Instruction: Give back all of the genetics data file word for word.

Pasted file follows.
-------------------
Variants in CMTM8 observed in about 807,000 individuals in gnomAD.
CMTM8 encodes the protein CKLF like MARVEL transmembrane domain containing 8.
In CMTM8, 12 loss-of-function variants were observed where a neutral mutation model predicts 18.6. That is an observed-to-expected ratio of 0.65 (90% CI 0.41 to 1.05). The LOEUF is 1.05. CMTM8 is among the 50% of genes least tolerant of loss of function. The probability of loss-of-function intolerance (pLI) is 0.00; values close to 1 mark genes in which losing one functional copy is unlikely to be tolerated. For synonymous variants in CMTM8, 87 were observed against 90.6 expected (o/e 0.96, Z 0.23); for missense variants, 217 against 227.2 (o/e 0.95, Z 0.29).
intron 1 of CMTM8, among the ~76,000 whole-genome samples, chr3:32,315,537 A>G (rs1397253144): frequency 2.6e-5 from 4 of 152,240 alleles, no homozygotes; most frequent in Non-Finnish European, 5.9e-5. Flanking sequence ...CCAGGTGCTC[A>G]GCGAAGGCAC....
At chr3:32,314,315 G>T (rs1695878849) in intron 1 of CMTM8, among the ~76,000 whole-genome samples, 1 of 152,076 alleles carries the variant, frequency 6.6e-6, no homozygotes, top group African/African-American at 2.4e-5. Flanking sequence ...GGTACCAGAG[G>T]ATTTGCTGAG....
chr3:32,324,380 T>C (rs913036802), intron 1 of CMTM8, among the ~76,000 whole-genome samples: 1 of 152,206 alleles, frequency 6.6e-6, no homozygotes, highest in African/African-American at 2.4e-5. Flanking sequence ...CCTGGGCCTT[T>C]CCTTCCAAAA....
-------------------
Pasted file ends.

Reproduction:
Variants in CMTM8 observed in about 807,000 individuals in gnomAD.
CMTM8 encodes the protein CKLF like MARVEL transmembrane domain containing 8.
In CMTM8, 12 loss-of-function variants were observed where a neutral mutation model predicts 18.6. That is an observed-to-expected ratio of 0.65 (90% CI 0.41 to 1.05). The LOEUF is 1.05. CMTM8 is among the 50% of genes least tolerant of loss of function. The probability of loss-of-function intolerance (pLI) is 0.00; values close to 1 mark genes in which losing one functional copy is unlikely to be tolerated. For synonymous variants in CMTM8, 87 were observed against 90.6 expected (o/e 0.96, Z 0.23); for missense variants, 217 against 227.2 (o/e 0.95, Z 0.29).
intron 1 of CMTM8, among the ~76,000 whole-genome samples, chr3:32,315,537 A>G (rs1397253144): frequency 2.6e-5 from 4 of 152,240 alleles, no homozygotes; most frequent in Non-Finnish European, 5.9e-5. Flanking sequence ...CCAGGTGCTC[A>G]GCGAAGGCAC....
At chr3:32,314,315 G>T (rs1695878849) in intron 1 of CMTM8, among the ~76,000 whole-genome samples, 1 of 152,076 alleles carries the variant, frequency 6.6e-6, no homozygotes, top group African/African-American at 2.4e-5. Flanking sequence ...GGTACCAGAG[G>T]ATTTGCTGAG....
chr3:32,324,380 T>C (rs913036802), intron 1 of CMTM8, among the ~76,000 whole-genome samples: 1 of 152,206 alleles, frequency 6.6e-6, no homozygotes, highest in African/African-American at 2.4e-5. Flanking sequence ...CCTGGGCCTT[T>C]CCTTCCAAAA....